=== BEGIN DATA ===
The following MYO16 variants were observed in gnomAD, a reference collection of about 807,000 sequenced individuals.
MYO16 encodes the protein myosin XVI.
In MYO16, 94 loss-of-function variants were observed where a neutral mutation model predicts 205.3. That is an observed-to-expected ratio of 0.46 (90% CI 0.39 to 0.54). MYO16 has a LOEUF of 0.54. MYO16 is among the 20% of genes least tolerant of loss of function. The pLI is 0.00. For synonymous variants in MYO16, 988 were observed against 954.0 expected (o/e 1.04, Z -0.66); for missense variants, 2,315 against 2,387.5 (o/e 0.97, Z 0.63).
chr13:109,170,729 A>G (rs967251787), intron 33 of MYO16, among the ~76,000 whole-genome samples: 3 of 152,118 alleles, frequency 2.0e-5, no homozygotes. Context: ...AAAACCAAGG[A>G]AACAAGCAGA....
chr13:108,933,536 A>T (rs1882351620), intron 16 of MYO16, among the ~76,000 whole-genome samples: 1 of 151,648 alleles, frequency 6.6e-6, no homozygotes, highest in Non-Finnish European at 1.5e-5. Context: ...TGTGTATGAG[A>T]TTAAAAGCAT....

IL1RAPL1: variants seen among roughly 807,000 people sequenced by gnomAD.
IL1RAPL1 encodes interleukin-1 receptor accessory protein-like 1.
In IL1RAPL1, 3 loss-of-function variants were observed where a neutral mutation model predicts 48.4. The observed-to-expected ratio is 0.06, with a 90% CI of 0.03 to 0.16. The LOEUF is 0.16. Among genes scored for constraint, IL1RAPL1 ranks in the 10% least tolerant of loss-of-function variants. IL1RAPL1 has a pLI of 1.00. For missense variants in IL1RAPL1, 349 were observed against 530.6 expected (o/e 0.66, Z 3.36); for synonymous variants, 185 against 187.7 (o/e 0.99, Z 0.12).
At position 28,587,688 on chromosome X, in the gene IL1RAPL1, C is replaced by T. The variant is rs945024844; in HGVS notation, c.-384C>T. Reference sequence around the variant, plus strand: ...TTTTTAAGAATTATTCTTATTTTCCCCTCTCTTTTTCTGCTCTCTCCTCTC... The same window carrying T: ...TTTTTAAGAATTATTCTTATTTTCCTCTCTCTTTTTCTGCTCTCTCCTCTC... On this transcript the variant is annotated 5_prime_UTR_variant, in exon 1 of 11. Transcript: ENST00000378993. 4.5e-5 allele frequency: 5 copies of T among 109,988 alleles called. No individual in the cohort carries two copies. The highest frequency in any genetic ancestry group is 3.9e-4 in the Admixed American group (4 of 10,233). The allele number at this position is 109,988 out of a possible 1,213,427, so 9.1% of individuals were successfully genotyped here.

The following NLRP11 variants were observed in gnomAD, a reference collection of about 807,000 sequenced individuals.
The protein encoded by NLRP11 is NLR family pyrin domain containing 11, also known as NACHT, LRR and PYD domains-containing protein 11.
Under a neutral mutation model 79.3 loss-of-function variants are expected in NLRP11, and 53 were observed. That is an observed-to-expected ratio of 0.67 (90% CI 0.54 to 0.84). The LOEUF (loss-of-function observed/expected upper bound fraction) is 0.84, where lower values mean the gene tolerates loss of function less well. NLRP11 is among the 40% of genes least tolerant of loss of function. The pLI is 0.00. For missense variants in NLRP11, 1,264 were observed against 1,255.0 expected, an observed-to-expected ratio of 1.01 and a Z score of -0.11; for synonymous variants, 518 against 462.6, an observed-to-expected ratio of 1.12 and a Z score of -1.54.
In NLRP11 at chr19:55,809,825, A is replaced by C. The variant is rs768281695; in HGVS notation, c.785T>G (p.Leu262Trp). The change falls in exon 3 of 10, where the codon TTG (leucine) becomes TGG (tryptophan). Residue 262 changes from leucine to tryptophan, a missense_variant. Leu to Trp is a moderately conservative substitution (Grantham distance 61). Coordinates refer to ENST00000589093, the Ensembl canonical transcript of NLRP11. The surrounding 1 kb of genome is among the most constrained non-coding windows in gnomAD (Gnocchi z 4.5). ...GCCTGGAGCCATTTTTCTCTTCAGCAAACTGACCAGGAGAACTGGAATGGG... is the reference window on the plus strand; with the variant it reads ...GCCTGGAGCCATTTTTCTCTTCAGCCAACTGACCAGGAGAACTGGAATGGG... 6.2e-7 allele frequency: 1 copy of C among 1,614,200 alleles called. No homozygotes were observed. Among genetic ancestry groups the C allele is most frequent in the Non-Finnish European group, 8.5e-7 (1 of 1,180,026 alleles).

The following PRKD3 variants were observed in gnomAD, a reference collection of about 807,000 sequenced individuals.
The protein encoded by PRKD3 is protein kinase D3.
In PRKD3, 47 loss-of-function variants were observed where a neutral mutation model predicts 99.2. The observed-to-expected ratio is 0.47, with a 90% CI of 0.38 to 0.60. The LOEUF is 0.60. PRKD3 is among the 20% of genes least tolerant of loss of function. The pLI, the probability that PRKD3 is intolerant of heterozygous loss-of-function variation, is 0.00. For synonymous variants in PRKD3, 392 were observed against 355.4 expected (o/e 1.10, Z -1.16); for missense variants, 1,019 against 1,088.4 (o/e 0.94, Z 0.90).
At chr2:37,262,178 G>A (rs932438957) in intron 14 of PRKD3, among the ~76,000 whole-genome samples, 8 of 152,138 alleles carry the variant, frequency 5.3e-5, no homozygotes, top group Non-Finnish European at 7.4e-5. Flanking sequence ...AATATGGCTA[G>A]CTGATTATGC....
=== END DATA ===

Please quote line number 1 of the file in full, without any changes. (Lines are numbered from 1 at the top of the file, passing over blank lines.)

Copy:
The following MYO16 variants were observed in gnomAD, a reference collection of about 807,000 sequenced individuals.